Microsoft Releases PowerShell 7.3

PowerShell 7.3 is now at the "general availability" (GA) commercial-release stage. 

PowerShell 7.3 is built on the long-awaited .NET 7 platform, which Microsoft also released last week. Microsoft mostly focused on making PowerShell 7.3 a "great shell environment" when working with other executables or "native commands," according to the announcement by Steve Lee, a principal software engineer manager at Microsoft.

To that end, PowerShell 7.3 includes a new $PSNativeCommandArgumentPassing feature that aims to make the passing of native commands to executables more like the "default behavior for Windows and Linux/macOS." In addition, Microsoft improved how error handling works with native commands.

Native commands typically use non-zero values at exit to indicate errors. PowerShell 7.3 users can use the new $PSNativeCommandUseErrorActionPreference to "treat a non-zero exit code as an error," if wanted, Lee explained. It's then possible to specify a Stop to halt the execution in such cases. This new addition to PowerShell 7.3 is an alternative to creating an error code check by using "$LASTEXITCODE after execution of a native command," Lee explained.

PowerShell 7.3 isn't a Long-Term Support (LTS) version of PowerShell, so it's just supported for 18 months. The current LTS version of PowerShell is version 7.2, which gets three years of support.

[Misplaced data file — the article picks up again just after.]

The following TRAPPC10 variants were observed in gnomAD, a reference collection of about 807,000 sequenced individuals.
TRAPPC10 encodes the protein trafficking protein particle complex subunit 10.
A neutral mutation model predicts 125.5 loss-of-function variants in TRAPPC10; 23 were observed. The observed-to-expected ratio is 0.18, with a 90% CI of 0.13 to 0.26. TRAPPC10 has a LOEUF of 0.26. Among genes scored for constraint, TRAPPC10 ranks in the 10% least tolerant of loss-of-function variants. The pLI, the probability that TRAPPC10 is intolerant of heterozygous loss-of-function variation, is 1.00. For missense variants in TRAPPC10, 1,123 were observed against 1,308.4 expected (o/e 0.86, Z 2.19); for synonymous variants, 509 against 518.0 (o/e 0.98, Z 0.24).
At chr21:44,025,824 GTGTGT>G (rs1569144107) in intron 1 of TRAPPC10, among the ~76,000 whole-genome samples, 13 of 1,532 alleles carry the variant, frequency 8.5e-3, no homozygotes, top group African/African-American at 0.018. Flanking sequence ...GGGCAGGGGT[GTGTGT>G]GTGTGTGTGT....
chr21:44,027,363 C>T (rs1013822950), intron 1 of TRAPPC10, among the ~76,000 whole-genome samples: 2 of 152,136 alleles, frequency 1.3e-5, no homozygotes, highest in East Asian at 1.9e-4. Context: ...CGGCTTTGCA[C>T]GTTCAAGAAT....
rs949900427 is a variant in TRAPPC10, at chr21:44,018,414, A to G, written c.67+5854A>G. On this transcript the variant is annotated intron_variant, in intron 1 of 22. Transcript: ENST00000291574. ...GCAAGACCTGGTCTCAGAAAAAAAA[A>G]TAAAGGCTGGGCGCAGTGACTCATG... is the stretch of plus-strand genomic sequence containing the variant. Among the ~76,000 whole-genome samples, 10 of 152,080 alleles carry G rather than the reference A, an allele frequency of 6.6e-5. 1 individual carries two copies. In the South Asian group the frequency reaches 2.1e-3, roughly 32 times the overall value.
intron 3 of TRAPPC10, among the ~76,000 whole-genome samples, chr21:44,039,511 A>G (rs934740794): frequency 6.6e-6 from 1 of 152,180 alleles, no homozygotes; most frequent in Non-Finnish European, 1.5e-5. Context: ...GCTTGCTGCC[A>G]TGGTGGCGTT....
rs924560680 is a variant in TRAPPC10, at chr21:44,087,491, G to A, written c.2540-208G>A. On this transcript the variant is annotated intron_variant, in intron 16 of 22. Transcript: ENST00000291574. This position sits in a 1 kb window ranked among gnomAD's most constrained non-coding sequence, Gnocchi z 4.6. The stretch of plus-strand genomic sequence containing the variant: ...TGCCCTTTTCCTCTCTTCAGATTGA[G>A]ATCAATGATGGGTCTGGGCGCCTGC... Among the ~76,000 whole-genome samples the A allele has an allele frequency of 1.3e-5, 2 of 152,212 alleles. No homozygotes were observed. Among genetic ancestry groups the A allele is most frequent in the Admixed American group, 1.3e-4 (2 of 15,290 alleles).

PowerShell 7.3 will just be an automatic upgrade for some PowerShell 7.2 users that installed it using the Windows Store. Here's Lee explanation to that end:

If you had installed the previous PowerShell 7 stable release (7.2) via the Windows Store, you will be automatically updated to 7.3 GA. However, if you installed the MSI and chose to be updated via Microsoft Update, since 7.2 is a LTS release, you will not be automatically upgraded to 7.3 and needs to be manually installed.

PowerShell users may want to wait until next month to upgrade because of a known issue that installs "PowerShell 7.3-rc1" instead of the GA release. Microsoft expects to correct that problem when it releases PowerShell 7.3.1 in December. There's apparently no functional difference, though, between the release candidate version and the GA version.

Microsoft is already working on PowerShell 7.4, which it plans to release sometime next year. It'll be "built on .NET 8," Lee indicated.

About the Author

Kurt Mackie is senior news producer for 1105 Media's Converge360 group.


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